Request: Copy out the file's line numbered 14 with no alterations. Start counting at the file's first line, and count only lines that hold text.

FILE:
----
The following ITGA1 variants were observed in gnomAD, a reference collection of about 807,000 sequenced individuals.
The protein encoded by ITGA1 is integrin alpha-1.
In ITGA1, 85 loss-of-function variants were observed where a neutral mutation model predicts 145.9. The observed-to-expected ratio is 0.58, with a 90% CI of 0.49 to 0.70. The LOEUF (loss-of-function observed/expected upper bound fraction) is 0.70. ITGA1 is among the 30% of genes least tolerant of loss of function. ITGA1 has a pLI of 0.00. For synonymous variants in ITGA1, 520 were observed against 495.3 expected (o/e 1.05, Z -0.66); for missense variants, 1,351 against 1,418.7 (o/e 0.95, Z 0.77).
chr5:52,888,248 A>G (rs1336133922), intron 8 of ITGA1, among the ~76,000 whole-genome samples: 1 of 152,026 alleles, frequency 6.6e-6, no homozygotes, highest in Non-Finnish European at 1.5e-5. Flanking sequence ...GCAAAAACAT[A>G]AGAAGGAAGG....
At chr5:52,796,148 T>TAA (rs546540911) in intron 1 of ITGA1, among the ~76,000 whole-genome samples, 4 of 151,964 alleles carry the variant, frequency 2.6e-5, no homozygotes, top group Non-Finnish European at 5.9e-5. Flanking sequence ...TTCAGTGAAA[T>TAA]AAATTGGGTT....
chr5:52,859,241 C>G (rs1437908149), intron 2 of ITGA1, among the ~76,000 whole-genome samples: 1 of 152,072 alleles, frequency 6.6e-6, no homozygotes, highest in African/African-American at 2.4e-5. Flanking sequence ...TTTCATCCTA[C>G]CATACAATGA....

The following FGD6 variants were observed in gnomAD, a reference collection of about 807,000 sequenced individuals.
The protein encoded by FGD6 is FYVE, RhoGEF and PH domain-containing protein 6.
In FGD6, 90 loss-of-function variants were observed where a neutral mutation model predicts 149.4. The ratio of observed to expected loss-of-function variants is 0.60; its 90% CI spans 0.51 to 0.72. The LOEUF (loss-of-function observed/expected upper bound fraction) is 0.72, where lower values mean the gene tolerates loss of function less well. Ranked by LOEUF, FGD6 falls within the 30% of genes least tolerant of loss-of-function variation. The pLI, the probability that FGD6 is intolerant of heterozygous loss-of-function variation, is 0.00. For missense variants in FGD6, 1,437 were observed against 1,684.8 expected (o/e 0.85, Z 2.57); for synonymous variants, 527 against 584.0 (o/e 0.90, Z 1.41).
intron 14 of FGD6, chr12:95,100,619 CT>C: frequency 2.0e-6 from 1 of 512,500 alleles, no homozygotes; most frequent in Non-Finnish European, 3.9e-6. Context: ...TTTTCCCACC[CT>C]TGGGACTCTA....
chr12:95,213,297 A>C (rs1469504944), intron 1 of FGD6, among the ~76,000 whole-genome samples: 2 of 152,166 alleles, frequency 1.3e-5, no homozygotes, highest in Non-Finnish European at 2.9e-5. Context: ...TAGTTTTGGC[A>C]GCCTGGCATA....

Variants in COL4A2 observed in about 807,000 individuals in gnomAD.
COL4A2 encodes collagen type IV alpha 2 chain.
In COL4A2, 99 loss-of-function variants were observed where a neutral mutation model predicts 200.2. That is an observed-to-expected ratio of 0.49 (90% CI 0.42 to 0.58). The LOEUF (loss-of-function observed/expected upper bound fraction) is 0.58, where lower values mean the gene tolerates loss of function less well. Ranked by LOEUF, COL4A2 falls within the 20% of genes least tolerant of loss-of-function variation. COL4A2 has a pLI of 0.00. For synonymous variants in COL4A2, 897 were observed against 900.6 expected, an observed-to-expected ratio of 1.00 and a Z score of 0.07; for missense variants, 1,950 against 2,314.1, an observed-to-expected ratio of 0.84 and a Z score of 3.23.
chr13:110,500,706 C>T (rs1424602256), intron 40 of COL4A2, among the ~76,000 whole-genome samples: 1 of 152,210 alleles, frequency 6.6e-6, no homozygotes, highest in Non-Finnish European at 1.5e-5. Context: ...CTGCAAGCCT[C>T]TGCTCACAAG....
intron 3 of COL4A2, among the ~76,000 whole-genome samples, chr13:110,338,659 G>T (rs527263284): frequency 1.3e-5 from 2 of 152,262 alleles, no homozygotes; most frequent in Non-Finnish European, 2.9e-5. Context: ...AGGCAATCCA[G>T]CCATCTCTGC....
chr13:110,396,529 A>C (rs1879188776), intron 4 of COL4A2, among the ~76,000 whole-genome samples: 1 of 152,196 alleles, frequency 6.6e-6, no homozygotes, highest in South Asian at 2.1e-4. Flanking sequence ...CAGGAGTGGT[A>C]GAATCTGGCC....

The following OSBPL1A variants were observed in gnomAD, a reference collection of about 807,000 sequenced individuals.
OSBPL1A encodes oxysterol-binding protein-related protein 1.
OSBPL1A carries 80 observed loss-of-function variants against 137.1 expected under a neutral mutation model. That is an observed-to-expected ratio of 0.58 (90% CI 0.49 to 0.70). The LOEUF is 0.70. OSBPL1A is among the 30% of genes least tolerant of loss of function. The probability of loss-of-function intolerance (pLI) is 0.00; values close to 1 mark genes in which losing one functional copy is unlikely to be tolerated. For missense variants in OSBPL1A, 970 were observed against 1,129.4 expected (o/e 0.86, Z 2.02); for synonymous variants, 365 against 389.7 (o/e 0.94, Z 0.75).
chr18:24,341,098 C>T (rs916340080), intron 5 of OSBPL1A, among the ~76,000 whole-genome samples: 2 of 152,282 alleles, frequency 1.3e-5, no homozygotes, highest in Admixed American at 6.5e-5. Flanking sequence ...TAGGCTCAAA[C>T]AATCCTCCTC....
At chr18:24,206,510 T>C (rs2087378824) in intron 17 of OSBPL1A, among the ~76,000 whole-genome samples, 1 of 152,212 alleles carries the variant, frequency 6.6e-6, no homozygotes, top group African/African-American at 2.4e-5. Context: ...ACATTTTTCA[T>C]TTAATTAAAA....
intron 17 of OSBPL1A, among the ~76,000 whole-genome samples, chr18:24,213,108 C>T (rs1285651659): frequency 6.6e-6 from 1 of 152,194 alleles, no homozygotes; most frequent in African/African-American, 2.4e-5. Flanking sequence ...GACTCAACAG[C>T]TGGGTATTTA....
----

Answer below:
In COL4A2, 99 loss-of-function variants were observed where a neutral mutation model predicts 200.2. That is an observed-to-expected ratio of 0.49 (90% CI 0.42 to 0.58). The LOEUF (loss-of-function observed/expected upper bound fraction) is 0.58, where lower values mean the gene tolerates loss of function less well. Ranked by LOEUF, COL4A2 falls within the 20% of genes least tolerant of loss-of-function variation. COL4A2 has a pLI of 0.00. For synonymous variants in COL4A2, 897 were observed against 900.6 expected, an observed-to-expected ratio of 1.00 and a Z score of 0.07; for missense variants, 1,950 against 2,314.1, an observed-to-expected ratio of 0.84 and a Z score of 3.23.